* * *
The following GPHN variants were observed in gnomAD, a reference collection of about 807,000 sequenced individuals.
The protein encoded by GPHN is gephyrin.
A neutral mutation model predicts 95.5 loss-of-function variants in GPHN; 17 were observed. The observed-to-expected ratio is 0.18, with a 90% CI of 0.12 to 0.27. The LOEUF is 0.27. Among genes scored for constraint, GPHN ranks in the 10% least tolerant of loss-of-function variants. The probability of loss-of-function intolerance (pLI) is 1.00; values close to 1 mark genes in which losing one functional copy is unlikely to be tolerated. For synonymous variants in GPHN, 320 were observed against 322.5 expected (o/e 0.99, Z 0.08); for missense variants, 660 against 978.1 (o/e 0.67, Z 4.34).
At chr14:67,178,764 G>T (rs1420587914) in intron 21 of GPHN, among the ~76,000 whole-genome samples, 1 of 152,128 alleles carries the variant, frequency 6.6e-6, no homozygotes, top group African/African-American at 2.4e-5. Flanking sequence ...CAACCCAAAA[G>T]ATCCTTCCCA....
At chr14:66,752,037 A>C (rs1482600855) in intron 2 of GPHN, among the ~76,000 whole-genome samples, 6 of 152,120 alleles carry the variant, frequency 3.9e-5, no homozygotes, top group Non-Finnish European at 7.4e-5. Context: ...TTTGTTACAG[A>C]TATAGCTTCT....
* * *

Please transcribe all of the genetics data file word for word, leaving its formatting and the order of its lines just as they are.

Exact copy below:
The following GPHN variants were observed in gnomAD, a reference collection of about 807,000 sequenced individuals.
The protein encoded by GPHN is gephyrin.
A neutral mutation model predicts 95.5 loss-of-function variants in GPHN; 17 were observed. The observed-to-expected ratio is 0.18, with a 90% CI of 0.12 to 0.27. The LOEUF is 0.27. Among genes scored for constraint, GPHN ranks in the 10% least tolerant of loss-of-function variants. The probability of loss-of-function intolerance (pLI) is 1.00; values close to 1 mark genes in which losing one functional copy is unlikely to be tolerated. For synonymous variants in GPHN, 320 were observed against 322.5 expected (o/e 0.99, Z 0.08); for missense variants, 660 against 978.1 (o/e 0.67, Z 4.34).
At chr14:67,178,764 G>T (rs1420587914) in intron 21 of GPHN, among the ~76,000 whole-genome samples, 1 of 152,128 alleles carries the variant, frequency 6.6e-6, no homozygotes, top group African/African-American at 2.4e-5. Flanking sequence ...CAACCCAAAA[G>T]ATCCTTCCCA....
At chr14:66,752,037 A>C (rs1482600855) in intron 2 of GPHN, among the ~76,000 whole-genome samples, 6 of 152,120 alleles carry the variant, frequency 3.9e-5, no homozygotes, top group Non-Finnish European at 7.4e-5. Context: ...TTTGTTACAG[A>C]TATAGCTTCT....